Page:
I welcome anyone wishing to climb this mountain with us. We are in the same battle and we are on the same rope. It doesn’t matter who gets there first, who raises the most money or has the biggest team.   I’m in competition against CMT, not another team with the same goal. When we find treatments or a cure for CMT we’ll all be winners.
I am thankful for each of the members of this team. You all mean so much to me. I value each and every one of you. It means more than I can say, especially as I prepare for Boston.
Thank you so much for your encouragement, interest and support of Team CMT and our mission to raise awareness of Charcot-Marie-Tooth Disorder.
Chris Wodke
Founder & Manager Team CMT
http://www.run4cmt.com/

Team CMT is a group of athletes and supporters working to raise awareness and to find a cure for CMT. We have almost 100 members in 17 states. If you wish to join us visit our web site.

CMT or Charcot-Marie-Tooth is the most commonly inherited peripheral neuropathy. It affects over 155,000 Americans (as many as MS).  It is a disease of the nerves that control the muscles. It is slowly progressive, causing loss of normal function and or sensation in the lower legs/feet and arms/hands.

Symptoms include; muscle wasting in the lower legs and feet leading to foot drop, poor balance and gait problems Atrophy in the hands causes difficulty with manual dexterity.

Structural foot deformities such as high arches and hammer toes are common.

Poor tolerance for cool or cold temperatures and many people have chronically cold hands and feet.

Additional symptoms may include fatigue, sleep apnea, breathing difficulties and hearing loss.

Running, triathlons, impaired athlete, paratriathlon, USAT, running and CMT

Sunday, February 12, 2012

Chris Wodke and Trenni Kusnierek


"Its a dream until you write it down, then its a goal."- unknown

Week 8- Boston Training

Boston is 62 days away. That sounds so close.  Last year I wrote the date April 16th, 2012 on a piece of paper and put it on my bulletin board.  April 16th is the day of the Boston Marathon.  I don't remember the exact day I put up that goal, but I know it was soon after I was diagnosed with CMT. I put up that goal even before I ran my qualifying marathon in Madison.  I knew somehow I was going to be there.  It is hard to believe my goal is so close.  I've now replaced that goal on my board with my Boston acceptance letter.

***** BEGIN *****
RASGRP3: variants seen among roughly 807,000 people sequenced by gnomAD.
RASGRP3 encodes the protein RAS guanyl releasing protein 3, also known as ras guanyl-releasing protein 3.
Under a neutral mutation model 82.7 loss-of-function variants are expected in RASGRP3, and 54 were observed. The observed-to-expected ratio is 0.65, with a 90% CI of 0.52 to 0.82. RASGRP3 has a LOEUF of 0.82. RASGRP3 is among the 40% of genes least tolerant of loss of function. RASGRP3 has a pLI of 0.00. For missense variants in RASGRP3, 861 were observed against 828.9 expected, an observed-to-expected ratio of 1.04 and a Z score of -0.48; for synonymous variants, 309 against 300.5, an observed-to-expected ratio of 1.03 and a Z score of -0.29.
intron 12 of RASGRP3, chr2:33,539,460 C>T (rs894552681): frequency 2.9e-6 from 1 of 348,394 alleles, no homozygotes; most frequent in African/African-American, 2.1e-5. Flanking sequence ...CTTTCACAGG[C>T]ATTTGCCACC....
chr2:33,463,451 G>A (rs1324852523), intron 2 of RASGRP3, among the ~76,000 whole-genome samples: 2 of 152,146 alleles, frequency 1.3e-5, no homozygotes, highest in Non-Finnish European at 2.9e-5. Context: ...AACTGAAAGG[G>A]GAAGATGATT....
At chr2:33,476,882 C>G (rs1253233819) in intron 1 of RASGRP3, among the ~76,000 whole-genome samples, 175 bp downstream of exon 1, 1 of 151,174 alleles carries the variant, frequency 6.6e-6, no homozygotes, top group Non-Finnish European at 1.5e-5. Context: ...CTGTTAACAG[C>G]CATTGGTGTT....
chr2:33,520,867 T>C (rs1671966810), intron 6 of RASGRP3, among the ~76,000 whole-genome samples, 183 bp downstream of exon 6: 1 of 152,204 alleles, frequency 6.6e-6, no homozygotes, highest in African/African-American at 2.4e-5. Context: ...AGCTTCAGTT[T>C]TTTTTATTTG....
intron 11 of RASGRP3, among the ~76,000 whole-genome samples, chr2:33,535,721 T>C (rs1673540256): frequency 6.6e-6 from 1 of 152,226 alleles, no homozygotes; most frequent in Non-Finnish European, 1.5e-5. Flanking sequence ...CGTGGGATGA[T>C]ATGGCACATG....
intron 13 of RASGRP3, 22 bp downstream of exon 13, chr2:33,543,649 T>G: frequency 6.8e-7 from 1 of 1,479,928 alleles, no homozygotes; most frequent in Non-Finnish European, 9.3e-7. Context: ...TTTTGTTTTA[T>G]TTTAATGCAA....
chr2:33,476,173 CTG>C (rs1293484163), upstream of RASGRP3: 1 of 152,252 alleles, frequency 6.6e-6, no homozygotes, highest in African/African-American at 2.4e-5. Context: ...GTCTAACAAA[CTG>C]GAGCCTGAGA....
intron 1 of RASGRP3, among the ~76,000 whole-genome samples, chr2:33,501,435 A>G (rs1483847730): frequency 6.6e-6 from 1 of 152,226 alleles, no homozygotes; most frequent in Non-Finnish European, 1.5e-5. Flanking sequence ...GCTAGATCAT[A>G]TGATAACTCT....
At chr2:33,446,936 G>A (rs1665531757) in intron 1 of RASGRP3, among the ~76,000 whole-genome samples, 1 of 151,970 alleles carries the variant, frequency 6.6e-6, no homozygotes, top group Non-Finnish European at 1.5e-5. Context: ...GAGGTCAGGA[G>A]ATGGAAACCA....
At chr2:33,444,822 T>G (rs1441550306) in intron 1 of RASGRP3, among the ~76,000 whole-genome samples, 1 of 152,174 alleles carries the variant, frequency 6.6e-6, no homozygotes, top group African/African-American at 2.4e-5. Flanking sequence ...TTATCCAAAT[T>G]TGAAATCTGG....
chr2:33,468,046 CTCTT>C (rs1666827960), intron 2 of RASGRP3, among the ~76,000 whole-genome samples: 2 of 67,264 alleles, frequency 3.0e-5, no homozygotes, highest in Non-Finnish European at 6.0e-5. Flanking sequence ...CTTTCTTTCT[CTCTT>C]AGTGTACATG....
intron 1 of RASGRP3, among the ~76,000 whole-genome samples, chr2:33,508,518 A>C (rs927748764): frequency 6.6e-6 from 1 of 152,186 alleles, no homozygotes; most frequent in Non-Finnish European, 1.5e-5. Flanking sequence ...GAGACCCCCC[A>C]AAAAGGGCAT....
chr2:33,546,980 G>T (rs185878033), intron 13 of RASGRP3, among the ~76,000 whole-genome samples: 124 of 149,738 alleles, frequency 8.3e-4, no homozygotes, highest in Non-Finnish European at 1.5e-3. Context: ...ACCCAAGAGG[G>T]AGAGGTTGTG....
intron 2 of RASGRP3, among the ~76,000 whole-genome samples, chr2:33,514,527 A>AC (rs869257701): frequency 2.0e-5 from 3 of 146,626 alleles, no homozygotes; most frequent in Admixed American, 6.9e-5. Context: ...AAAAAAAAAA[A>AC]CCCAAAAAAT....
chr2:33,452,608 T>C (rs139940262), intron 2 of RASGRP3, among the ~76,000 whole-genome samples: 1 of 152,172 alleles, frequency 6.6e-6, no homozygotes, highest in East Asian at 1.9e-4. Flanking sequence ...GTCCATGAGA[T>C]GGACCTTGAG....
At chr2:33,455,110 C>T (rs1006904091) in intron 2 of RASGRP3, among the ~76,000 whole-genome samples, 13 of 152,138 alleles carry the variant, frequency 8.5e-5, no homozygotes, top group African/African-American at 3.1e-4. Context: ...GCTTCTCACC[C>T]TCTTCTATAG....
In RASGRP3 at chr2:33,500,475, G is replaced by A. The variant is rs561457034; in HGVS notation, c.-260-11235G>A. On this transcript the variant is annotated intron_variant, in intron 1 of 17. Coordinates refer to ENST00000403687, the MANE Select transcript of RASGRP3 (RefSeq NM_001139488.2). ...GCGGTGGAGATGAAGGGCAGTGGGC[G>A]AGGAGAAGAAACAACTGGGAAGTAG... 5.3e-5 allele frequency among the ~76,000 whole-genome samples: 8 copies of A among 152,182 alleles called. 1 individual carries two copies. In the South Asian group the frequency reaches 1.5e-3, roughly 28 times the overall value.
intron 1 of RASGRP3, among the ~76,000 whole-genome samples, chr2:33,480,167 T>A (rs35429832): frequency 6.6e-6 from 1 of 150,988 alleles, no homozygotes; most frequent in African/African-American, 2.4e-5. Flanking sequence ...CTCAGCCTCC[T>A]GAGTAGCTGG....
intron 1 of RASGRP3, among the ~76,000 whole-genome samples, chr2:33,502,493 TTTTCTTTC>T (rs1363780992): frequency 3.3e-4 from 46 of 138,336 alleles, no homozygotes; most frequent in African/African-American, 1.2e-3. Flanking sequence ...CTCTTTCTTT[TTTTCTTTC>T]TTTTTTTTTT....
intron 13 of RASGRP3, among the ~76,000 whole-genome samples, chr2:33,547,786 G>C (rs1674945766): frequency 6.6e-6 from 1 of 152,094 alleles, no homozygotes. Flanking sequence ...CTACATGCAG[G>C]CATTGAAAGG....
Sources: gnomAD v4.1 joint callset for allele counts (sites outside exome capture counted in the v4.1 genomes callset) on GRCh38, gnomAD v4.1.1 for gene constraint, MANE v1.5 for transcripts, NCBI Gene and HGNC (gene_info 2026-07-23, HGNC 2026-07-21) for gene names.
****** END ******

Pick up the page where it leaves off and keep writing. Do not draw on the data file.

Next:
I achieved another goal of sorts this week when I sat down for a TV interview with Trenni Kusnierek of WTMJ.  I chose Boston because as a high profile event, I knew it would garner interest to raise awareness of CMT. 

I have to admit I was a bit nervous before the interview. It was my first ever TV interview. You can see from the picture why Trenni is paid to be in front of a camera and why I'm not.  Trenni put me at ease right away. She is running Boston for the 2nd time and had some great advise to share with me.

It will be marathon number 7 for both of us. It was so much fun to talk about training and races with her.  Thanks to my publicist Gail Sideman for arranging the interview. I also gave Trenni a Team CMT singlet and she promised to wear it.  I hope to see her as I run Boston.  Because I am starting in the first wave we may finish at about the same time. 

 Trenni actually hurt her Achilles tendon and was not able to run for 3 weeks.  She is back to running so I wish her well and a good run at Boston. 

 It is really easy to over train when getting ready for a marathon. I am especially vulnerable to injury because of my CMT.  I walk a fine line always between training enough to prepare and over training and being injured.
At week 8 I am getting into the meat of the training program. I had a couple of nights this week when I woke up at midnight and couldn't fall back asleep so finishing all the training this week was a challenge.  I got in my speed work and 8 mile tempo run before it snowed and turned nasty cold. On Saturday morning it was 8F with wind chills of -5F so it was off to the treadmill.